Consider that Paul, the inspired author of most of the epistles, having seen the glorified Body of Christ, knowing what end Christ’s body finally meets, and presumably knowing about what language Christ uses about his body throughout the Gospels, uses this specific metaphor: the Church is the Body of Christ.
What could such a metaphor really mean? If it is true, and if it is scriptural, and if it is inspired — full of the Spirit — surely it has at least a divine meaning and purpose. It must speak to some deeper principle. Catholics may point out that Christ will not die, now that the Resurrection shows He triumphs over death. Similarly, the Body of Christ will, in some visible way on this earth, live right up until the end times.
Catholics also may explain this as affirming the four marks of the Church. Like Christ’s body, Catholicism is one, a matter disputed principally by log-eyed men. She is holy, for the Church Triumphant is in heaven and the Church Suffering is headed there, however the visible Church Militant fails us. She is Catholic, which is a word that means simply universal. That the Church is apostolic is simply a way of saying her authority goes back to the apostles, which is important not because of the apostles but because of Christ. There is a real historical claim backing each of these up, putting aside doctrine and scripture, claims which have no analogue among apostasists.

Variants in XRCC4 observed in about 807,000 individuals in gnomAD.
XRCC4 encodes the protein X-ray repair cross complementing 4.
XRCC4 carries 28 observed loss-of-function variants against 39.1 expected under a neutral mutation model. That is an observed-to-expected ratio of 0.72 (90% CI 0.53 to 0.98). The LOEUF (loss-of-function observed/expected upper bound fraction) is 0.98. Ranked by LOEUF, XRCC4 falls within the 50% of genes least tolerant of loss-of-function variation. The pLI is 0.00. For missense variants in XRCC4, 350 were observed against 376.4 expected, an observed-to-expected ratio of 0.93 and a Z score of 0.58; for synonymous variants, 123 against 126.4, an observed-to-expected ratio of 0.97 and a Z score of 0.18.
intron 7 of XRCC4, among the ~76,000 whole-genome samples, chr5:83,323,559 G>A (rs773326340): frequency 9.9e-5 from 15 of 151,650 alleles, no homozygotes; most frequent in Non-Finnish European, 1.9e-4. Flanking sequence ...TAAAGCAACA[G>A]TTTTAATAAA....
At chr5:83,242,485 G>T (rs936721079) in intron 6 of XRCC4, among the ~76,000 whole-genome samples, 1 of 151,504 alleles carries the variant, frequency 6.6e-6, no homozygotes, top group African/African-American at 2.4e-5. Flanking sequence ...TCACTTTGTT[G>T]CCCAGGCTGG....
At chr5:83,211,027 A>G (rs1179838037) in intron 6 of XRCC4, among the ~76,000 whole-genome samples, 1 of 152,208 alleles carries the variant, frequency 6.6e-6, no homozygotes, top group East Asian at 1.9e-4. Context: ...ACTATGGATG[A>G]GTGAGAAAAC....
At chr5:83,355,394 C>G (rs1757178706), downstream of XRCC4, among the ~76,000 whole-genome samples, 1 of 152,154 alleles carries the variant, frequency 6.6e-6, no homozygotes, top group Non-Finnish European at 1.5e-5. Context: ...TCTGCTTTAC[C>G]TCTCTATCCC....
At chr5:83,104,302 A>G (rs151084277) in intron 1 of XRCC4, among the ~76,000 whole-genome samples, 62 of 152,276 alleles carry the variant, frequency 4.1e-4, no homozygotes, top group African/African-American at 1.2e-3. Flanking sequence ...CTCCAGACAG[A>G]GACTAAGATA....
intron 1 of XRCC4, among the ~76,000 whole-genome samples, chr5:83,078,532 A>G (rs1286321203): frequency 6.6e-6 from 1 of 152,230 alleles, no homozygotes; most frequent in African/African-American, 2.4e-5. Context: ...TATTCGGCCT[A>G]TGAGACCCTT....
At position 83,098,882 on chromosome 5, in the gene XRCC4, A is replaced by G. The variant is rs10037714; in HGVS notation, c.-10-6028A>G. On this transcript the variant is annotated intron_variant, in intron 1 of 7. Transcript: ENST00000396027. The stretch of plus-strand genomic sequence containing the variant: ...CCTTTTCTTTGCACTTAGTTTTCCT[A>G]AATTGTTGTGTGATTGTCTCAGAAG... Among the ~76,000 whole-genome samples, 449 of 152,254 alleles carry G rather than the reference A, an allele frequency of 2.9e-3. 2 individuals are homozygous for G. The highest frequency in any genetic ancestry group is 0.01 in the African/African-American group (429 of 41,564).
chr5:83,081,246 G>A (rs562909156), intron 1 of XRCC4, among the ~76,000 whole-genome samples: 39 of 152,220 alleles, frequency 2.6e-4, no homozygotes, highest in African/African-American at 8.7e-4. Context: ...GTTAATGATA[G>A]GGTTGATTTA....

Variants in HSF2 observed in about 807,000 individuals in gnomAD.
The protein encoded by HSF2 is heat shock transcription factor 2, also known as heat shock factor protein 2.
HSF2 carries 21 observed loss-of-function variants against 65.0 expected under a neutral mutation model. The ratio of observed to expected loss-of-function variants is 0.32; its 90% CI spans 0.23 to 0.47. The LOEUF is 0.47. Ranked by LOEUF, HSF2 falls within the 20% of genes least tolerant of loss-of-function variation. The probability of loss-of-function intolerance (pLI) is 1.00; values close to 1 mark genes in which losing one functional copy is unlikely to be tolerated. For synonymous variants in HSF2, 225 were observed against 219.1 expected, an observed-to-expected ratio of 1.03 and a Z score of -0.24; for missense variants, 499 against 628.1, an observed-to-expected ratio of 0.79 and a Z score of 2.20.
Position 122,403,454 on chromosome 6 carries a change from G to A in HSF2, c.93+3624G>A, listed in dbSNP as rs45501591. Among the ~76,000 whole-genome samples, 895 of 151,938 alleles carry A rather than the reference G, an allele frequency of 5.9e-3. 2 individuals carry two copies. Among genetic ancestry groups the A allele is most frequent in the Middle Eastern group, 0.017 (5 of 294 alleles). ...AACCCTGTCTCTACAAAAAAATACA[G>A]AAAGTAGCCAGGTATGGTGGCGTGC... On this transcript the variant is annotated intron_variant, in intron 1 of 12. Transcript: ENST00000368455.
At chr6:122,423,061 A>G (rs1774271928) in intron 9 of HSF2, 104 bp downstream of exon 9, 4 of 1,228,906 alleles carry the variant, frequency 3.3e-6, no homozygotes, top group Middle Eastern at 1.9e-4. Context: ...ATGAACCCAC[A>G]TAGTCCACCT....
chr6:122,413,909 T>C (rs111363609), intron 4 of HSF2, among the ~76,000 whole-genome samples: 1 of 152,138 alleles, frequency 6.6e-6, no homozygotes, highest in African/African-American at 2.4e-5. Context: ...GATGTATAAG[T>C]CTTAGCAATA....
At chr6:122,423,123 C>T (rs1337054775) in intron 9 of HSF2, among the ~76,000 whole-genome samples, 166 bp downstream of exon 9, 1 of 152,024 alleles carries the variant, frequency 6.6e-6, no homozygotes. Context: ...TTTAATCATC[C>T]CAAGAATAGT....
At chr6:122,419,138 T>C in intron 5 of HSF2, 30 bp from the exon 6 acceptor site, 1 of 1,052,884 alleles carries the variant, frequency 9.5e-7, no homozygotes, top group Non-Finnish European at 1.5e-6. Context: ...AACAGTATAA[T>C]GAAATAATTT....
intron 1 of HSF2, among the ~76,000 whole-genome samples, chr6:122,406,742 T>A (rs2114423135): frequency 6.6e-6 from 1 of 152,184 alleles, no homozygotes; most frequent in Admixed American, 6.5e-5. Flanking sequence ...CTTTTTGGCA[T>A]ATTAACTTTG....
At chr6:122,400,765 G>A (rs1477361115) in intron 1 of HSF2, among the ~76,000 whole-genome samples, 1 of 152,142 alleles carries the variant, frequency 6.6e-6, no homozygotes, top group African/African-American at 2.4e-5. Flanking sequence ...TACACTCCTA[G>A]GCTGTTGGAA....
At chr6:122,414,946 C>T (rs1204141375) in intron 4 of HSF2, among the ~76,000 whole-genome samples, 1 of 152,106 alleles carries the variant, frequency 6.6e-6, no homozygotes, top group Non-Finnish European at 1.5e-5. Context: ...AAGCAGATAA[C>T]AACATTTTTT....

I am curious what apostasists make of this passage on their own, not just what other verses they go to to defend against this interpretation. All I can think of is what apostasists cannot say.
- Yes, all Protestants admit Christ as Lord, but this is not enough. Even the demoniac admitted Christ is Lord. Between Catholic and Protestant incarnate, when defining terms at a basic level, who responds with many voices and who responds with one?
- Yes, God the Father appears as a cloud in the Old Testament, but His Son is made flesh in the Gospels. Jesus is authoritative enough to speak with clarity and discrete enough to crucify. Why would Christ’s organization for all men — the inspired Word of God tells us His Church is his Body, remember — be any different?
- Yes, Jesus dies on the cross, but he allowed this. Of the Church He willed that She would live forever. What faith can we keep in living the Christ life if we do not keep the faith that the living Christ kept the faith alive? If the Church died once, why may it not die again?
Protestantism is less true than Catholicism, less than the ideal, by a very powerful metric — by fruit. Damningly, this fruit is not here and there but endemic, ipso facto, by the nature of the tree. It is a matter of definition. Specifically, it is a matter of the lack of definition.
Note well: While I do not exclude Protestant persons from being, hypothetically, members of the Body of Christ, I do exclude the ideology of Protestantism from being itself the fullness of truth, which is the question at hand.